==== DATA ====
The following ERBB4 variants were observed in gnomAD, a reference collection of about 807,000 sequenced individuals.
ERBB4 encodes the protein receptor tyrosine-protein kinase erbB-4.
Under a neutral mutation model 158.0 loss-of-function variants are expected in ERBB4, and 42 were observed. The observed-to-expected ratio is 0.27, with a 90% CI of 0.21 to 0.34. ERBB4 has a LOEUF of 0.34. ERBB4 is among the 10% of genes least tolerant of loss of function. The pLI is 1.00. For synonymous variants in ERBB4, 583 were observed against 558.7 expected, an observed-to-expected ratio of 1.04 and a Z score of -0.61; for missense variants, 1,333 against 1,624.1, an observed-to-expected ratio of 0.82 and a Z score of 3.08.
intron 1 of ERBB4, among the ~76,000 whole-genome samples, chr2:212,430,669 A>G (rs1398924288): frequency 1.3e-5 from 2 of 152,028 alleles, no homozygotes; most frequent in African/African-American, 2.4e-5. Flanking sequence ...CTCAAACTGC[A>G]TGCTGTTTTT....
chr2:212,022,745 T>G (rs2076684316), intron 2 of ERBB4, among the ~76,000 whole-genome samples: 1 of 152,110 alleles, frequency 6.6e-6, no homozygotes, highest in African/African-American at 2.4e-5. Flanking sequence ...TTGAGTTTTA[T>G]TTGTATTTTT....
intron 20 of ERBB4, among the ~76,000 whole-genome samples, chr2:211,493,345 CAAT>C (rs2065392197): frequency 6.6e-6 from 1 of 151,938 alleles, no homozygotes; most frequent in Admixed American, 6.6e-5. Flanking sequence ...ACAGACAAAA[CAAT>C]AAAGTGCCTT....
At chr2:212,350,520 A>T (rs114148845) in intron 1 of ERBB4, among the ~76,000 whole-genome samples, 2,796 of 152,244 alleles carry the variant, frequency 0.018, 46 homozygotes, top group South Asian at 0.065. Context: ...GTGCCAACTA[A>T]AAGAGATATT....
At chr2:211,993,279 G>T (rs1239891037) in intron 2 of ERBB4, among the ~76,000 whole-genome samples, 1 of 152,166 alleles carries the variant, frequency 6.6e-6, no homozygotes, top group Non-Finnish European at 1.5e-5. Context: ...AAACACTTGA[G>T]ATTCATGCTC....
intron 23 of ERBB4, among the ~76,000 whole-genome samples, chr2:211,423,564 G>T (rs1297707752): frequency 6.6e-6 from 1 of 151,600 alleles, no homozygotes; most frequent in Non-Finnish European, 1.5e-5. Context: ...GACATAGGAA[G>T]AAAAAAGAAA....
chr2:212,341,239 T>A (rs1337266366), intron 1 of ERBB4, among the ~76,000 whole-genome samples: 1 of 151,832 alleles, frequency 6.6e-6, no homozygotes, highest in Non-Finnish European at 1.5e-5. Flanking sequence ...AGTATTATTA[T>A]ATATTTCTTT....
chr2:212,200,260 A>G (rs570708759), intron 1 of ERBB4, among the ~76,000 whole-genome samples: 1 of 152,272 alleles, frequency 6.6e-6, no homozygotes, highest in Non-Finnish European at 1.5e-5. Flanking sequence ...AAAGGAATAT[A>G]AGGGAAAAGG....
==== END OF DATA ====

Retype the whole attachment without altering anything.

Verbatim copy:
The following ERBB4 variants were observed in gnomAD, a reference collection of about 807,000 sequenced individuals.
ERBB4 encodes the protein receptor tyrosine-protein kinase erbB-4.
Under a neutral mutation model 158.0 loss-of-function variants are expected in ERBB4, and 42 were observed. The observed-to-expected ratio is 0.27, with a 90% CI of 0.21 to 0.34. ERBB4 has a LOEUF of 0.34. ERBB4 is among the 10% of genes least tolerant of loss of function. The pLI is 1.00. For synonymous variants in ERBB4, 583 were observed against 558.7 expected, an observed-to-expected ratio of 1.04 and a Z score of -0.61; for missense variants, 1,333 against 1,624.1, an observed-to-expected ratio of 0.82 and a Z score of 3.08.
intron 1 of ERBB4, among the ~76,000 whole-genome samples, chr2:212,430,669 A>G (rs1398924288): frequency 1.3e-5 from 2 of 152,028 alleles, no homozygotes; most frequent in African/African-American, 2.4e-5. Flanking sequence ...CTCAAACTGC[A>G]TGCTGTTTTT....
chr2:212,022,745 T>G (rs2076684316), intron 2 of ERBB4, among the ~76,000 whole-genome samples: 1 of 152,110 alleles, frequency 6.6e-6, no homozygotes, highest in African/African-American at 2.4e-5. Flanking sequence ...TTGAGTTTTA[T>G]TTGTATTTTT....
intron 20 of ERBB4, among the ~76,000 whole-genome samples, chr2:211,493,345 CAAT>C (rs2065392197): frequency 6.6e-6 from 1 of 151,938 alleles, no homozygotes; most frequent in Admixed American, 6.6e-5. Flanking sequence ...ACAGACAAAA[CAAT>C]AAAGTGCCTT....
At chr2:212,350,520 A>T (rs114148845) in intron 1 of ERBB4, among the ~76,000 whole-genome samples, 2,796 of 152,244 alleles carry the variant, frequency 0.018, 46 homozygotes, top group South Asian at 0.065. Context: ...GTGCCAACTA[A>T]AAGAGATATT....
At chr2:211,993,279 G>T (rs1239891037) in intron 2 of ERBB4, among the ~76,000 whole-genome samples, 1 of 152,166 alleles carries the variant, frequency 6.6e-6, no homozygotes, top group Non-Finnish European at 1.5e-5. Context: ...AAACACTTGA[G>T]ATTCATGCTC....
intron 23 of ERBB4, among the ~76,000 whole-genome samples, chr2:211,423,564 G>T (rs1297707752): frequency 6.6e-6 from 1 of 151,600 alleles, no homozygotes; most frequent in Non-Finnish European, 1.5e-5. Context: ...GACATAGGAA[G>T]AAAAAAGAAA....
chr2:212,341,239 T>A (rs1337266366), intron 1 of ERBB4, among the ~76,000 whole-genome samples: 1 of 151,832 alleles, frequency 6.6e-6, no homozygotes, highest in Non-Finnish European at 1.5e-5. Flanking sequence ...AGTATTATTA[T>A]ATATTTCTTT....
chr2:212,200,260 A>G (rs570708759), intron 1 of ERBB4, among the ~76,000 whole-genome samples: 1 of 152,272 alleles, frequency 6.6e-6, no homozygotes, highest in Non-Finnish European at 1.5e-5. Flanking sequence ...AAAGGAATAT[A>G]AGGGAAAAGG....